As an investor, you need an understanding of Capital Gains Tax and Land Tax. You will need to understand the difference between the taxes and account for your costs associated with both.
CAPITAL GAINS TAX
Known as CGT and introduced in the mid 1980s, it is calculated on the profit you make from the disposal of an asset. That profit or gain forms part of your income tax.
Generally, personal assets such as your home and car are exempt from CGT.
A capital gain or loss is the difference between the cost of the asset and the amount received when that asset is disposed of & there are numerous methods for calculating the amount owed. Different methods may apply depending on when the asset was purchased and whether or not you have held the asset for more than 12 months. If an asset is obtained as a result of marriage breakdown then exceptions may be available.
If, when you dispose of the asset, you make a loss, this does not reduce your income tax but can be used to reduce any other capital gain may have made and CGT is calculated at the end of the financial year.
Land Tax applies to land owned in New South Wales and is levied on 31 December each year by the Office of State Revenue (OSR) which issues an assessment notice informing you of any amount owed.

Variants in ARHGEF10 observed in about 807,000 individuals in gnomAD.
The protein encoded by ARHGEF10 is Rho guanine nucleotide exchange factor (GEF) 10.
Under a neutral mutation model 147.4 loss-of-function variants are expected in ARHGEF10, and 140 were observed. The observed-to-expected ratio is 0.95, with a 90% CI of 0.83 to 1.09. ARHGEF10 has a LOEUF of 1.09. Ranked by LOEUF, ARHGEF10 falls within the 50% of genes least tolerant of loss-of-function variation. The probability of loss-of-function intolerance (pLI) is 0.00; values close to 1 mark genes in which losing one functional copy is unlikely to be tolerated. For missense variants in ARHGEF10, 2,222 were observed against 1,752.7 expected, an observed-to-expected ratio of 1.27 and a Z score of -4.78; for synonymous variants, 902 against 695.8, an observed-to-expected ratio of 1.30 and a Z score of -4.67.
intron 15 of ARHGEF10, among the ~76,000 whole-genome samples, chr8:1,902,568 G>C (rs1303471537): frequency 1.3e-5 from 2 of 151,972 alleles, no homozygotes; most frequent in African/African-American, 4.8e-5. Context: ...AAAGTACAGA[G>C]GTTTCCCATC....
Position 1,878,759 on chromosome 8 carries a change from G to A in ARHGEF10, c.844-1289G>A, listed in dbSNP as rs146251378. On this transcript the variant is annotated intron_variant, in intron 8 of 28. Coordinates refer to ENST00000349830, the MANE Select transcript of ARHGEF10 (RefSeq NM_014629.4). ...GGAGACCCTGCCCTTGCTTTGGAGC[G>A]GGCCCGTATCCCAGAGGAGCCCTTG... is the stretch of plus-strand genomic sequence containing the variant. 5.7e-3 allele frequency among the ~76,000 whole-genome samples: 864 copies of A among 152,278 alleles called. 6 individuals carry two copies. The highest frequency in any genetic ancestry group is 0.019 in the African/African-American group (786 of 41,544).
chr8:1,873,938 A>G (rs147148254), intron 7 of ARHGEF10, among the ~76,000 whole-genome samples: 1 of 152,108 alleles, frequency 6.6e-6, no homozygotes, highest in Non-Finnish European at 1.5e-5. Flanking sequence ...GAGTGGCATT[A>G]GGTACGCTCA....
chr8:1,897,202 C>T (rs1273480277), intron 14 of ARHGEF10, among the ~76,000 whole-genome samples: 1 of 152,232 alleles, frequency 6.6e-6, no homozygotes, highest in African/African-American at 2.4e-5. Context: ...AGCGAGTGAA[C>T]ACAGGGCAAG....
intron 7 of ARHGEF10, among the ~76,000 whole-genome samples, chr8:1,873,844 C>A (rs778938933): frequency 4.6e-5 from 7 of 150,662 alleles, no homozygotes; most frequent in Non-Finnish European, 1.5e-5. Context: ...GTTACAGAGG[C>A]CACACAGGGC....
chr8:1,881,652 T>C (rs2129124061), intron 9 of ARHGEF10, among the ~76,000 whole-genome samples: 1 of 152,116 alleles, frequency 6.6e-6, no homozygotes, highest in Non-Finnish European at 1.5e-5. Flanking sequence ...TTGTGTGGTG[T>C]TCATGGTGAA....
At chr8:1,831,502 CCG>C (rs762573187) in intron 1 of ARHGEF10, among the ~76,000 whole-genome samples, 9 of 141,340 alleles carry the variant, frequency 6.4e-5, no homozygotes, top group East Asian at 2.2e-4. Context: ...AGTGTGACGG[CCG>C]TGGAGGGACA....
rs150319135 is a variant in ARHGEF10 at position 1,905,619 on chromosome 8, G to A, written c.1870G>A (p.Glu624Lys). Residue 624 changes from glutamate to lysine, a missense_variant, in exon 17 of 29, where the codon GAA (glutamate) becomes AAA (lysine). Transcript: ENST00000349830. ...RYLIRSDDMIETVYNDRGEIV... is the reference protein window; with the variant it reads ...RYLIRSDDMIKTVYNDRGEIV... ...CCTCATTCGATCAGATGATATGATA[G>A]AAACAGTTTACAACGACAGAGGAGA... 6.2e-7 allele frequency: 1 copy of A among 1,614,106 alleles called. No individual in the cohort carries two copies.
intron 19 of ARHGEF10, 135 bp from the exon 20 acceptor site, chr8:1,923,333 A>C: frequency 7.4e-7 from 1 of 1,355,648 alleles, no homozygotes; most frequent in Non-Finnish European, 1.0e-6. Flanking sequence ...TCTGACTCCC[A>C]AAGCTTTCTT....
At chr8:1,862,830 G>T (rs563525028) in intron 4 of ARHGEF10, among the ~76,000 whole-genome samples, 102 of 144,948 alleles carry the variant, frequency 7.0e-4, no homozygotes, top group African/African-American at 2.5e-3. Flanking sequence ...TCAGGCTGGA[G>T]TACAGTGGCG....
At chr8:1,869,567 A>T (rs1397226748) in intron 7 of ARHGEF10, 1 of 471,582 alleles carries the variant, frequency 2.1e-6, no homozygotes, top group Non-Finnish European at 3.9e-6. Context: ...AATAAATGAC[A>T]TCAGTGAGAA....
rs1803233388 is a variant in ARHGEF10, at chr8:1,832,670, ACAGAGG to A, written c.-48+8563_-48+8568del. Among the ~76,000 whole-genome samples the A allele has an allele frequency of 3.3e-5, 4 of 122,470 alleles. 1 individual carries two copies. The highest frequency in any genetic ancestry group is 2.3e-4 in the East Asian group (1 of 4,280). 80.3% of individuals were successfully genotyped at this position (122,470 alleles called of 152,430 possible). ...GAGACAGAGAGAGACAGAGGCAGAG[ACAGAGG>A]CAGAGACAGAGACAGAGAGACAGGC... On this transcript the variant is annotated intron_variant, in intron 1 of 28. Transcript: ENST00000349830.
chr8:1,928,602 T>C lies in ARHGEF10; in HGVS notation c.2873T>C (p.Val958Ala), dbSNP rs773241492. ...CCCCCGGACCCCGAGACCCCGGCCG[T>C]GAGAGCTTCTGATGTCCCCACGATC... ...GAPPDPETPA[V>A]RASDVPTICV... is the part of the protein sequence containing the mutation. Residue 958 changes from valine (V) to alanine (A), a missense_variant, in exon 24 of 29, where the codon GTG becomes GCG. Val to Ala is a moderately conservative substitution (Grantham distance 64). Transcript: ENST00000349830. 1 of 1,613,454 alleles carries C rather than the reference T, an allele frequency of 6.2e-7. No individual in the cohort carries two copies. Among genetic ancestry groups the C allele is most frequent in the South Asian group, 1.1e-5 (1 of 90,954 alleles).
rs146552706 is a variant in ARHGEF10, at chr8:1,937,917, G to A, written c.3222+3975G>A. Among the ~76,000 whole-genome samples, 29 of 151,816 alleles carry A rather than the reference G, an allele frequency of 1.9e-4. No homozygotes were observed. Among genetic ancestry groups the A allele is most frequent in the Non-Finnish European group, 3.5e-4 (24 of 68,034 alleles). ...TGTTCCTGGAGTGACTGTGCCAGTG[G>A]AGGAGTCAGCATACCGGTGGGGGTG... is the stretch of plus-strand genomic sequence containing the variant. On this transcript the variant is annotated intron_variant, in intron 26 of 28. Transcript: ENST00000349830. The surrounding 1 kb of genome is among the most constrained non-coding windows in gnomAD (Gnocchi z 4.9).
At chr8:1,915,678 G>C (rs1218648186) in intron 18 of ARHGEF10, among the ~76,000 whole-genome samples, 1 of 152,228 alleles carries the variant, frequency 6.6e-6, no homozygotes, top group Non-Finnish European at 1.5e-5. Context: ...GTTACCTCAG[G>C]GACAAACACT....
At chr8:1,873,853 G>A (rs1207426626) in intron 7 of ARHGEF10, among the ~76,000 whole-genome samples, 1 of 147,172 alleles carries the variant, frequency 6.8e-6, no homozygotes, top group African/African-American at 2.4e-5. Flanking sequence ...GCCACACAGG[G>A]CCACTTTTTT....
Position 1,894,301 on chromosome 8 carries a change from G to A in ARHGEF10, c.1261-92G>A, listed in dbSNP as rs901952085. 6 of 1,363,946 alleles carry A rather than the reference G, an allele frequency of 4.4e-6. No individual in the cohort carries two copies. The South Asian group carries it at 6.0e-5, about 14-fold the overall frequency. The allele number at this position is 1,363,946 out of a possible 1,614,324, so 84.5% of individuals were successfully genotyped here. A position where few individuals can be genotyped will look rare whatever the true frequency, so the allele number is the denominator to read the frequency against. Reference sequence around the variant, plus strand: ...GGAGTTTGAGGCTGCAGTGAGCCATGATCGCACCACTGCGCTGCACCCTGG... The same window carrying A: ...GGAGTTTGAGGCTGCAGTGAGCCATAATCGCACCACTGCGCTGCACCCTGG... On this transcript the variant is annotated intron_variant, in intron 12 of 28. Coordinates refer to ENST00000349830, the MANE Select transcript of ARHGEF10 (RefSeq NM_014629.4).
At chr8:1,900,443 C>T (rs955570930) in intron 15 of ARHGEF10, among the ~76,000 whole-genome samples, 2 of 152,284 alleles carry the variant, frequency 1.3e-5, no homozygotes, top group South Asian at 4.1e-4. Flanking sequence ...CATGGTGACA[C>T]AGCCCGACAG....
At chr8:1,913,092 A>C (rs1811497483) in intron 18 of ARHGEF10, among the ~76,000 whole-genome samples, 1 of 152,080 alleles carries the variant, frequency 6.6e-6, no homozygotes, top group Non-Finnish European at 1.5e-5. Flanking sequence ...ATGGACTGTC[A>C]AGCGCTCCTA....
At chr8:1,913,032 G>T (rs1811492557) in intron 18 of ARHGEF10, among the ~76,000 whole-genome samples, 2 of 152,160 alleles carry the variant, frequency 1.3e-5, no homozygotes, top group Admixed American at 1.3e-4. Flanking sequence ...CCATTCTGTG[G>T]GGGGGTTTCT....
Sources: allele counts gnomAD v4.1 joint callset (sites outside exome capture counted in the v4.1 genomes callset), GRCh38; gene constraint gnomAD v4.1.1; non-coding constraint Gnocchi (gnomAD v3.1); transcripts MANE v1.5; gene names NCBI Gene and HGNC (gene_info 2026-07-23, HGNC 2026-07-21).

Land Tax does not apply to your principal place of residence but applies to all other land owned.
Land Tax is calculated on the basis of a threshold which varies from year to year. The current threshold for 2016 is $482,000.00. This means that the tax is calculated on the total value all of your taxable land above that threshold amount.
The rate of the tax is $100 and 1.6% of the land value up to the value of the premium rate threshold which is currently $2,947,000.00. The rate applied after the premium rate threshold is 2%. Some exemptions apply to certain trusts. The value of the land is determined using the Valuer General’s valuation from the previous year which is based on land only.
If you have any questions or need help with your purchase of an investment property, please email nicole@AandTLegal.com or call on (02) 9186 2533.
The information provided as a guide only and specific advice should be sought from an accountant.